Isla Vista’s new dog park “Bark Park” opened last October and has been an amazing resource to local dog owners and their pups. One program that has helped community members appreciate the value of this new park is the free dog training being provided by the office of the External Vice President of Local Affairs (EVPLA).
Last Saturday morning, community members came together with their dogs to learn from local dog trainer Jill Hall from Four on the Floor dog training. Regardless of dog training experience, Hall made sure that she taught at a pace where each team could learn something new and improve by the end of the session.
While Hall normally does private dog trainings, where she consistently meets with owners and their dogs, she agreed to this more informal style of training because of her dedication to the Isla Vista community. “If you take five things away from what I’m teaching that day and even if you don’t come back,” Hall explains, “then I’ve still done something and impacted the community in some way.”
Hall believes with Isla Vista becoming an increasingly dog friendly community, it is necessary for residents to have access to dog training programs.
“So many people get a dog and they have never had a dog so they don’t know where to start,” Hall said. She believes that the key to creating a safe community for dogs, their owners, and other residents is education through training. Thus, providing access to a training program is huge.
Community members like Jenna Warner, a Santa Barbara City College business economics major, also recognize the importance of dog training as Isla Vista gains more dog owning residents. “There’s a log of high energy dogs that live in Isla Vista and giving them a way to safely release all that energy is really important and benefits everyone,” she stated.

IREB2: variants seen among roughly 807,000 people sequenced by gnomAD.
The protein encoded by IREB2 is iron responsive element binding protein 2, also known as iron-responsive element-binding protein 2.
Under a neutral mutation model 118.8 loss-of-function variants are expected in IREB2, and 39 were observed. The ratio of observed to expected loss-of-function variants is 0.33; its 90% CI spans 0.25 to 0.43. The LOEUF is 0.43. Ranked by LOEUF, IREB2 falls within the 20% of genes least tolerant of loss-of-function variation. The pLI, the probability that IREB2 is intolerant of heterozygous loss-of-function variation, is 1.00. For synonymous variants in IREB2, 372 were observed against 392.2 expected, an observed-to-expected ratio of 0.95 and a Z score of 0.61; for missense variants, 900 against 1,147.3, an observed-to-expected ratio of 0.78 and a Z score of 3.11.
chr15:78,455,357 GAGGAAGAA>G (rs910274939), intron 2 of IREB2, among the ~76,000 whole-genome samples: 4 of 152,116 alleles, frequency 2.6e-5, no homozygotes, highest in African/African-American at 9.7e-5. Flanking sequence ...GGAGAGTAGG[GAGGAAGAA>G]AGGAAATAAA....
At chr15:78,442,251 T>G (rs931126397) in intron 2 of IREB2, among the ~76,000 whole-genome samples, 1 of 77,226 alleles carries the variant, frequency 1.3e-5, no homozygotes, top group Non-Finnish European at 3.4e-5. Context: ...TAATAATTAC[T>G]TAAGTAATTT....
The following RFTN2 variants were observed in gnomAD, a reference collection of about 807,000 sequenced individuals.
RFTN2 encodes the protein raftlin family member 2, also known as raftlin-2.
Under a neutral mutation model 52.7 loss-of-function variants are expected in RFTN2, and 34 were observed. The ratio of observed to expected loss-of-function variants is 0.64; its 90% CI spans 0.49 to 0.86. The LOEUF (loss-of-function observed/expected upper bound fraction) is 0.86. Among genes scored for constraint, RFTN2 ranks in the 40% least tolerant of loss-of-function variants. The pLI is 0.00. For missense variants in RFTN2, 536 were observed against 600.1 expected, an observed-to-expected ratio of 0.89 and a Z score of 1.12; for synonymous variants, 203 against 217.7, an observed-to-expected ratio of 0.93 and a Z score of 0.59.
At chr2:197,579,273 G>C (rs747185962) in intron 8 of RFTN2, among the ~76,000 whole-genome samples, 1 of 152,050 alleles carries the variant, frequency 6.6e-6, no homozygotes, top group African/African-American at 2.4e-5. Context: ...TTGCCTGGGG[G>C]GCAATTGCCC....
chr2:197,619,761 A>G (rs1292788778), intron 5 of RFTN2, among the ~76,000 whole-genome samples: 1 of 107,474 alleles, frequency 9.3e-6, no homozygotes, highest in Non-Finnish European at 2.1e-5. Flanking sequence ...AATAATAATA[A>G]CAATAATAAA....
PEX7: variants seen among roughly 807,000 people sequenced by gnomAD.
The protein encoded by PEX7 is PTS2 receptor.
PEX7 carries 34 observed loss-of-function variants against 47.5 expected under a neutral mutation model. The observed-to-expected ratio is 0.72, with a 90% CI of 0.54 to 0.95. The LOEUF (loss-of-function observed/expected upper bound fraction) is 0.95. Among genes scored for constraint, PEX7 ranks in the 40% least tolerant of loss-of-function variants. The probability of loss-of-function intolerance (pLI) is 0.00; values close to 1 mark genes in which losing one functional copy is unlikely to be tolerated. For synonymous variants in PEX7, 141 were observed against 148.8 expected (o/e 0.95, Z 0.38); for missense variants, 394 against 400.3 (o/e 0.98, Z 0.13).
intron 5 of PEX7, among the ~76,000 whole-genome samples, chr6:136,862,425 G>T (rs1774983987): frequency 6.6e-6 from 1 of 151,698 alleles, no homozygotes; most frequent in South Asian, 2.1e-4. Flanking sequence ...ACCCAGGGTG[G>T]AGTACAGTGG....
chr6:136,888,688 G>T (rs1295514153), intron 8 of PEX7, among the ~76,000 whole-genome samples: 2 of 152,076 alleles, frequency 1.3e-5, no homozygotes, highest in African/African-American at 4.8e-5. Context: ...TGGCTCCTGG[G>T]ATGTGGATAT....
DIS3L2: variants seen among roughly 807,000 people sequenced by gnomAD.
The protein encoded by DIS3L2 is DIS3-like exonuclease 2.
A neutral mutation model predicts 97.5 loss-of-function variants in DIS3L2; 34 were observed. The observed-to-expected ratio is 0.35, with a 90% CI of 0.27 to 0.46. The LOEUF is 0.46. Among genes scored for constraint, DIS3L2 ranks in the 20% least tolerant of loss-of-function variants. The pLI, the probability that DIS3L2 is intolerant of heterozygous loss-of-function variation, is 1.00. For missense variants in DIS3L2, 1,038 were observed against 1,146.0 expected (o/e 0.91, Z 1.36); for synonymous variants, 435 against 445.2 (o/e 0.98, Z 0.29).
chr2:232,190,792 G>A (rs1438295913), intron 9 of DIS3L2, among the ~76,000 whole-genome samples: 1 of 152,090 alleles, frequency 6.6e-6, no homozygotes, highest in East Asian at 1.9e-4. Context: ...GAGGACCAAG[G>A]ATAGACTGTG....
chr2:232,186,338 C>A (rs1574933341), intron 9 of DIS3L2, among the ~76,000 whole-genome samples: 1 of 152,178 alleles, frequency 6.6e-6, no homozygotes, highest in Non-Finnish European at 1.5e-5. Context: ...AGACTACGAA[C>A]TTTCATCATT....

Warner has been bringing her 10 month old pitbull-husky mix, Bailey, to these trainings for two weeks and is already impressed with the changes she has seen in her relationship with her pet. Warner said, “it gave me the tools to really establish the respect and trust you need to have a really well trained dog.”
While coming to all of the provided dog training sessions is recommended in order to achieve the best results possible, it is not necessary in order for owners to see changes. Warner said, “Even if your dog is really well trained or has no training at all, there is something for everyone to get out of it.”
Community members are encouraged to bring their dogs to this weekly Sunday service and gain as much dog training knowledge as possible before the sessions are over. Hall states that in addition to the importance of making dogs in the community comfortable, it is also important for owners to “feel good and empowered about training their dogs.”
Though some may be concerned that the increase in Isla Vista’s dog population could come with an increase in dangerous dog behavior, such as excited lunging or barking at strangers, residents can feel at ease knowing that owners have access to proactive training resources.
Hall’s dedication and the hard work that dog owners put in these training sessions demonstrates the value being placed in making sure that Isla Vista remains safe for everyone and how free dog training can benefit not only dog owners but also all community members. Thanks to these combined efforts, Isla Vista is able to become more dog friendly without sacrificing anyone’s peace of mind.
Correction: Jill Hall’s name was incorrectly spelled Jill Hill.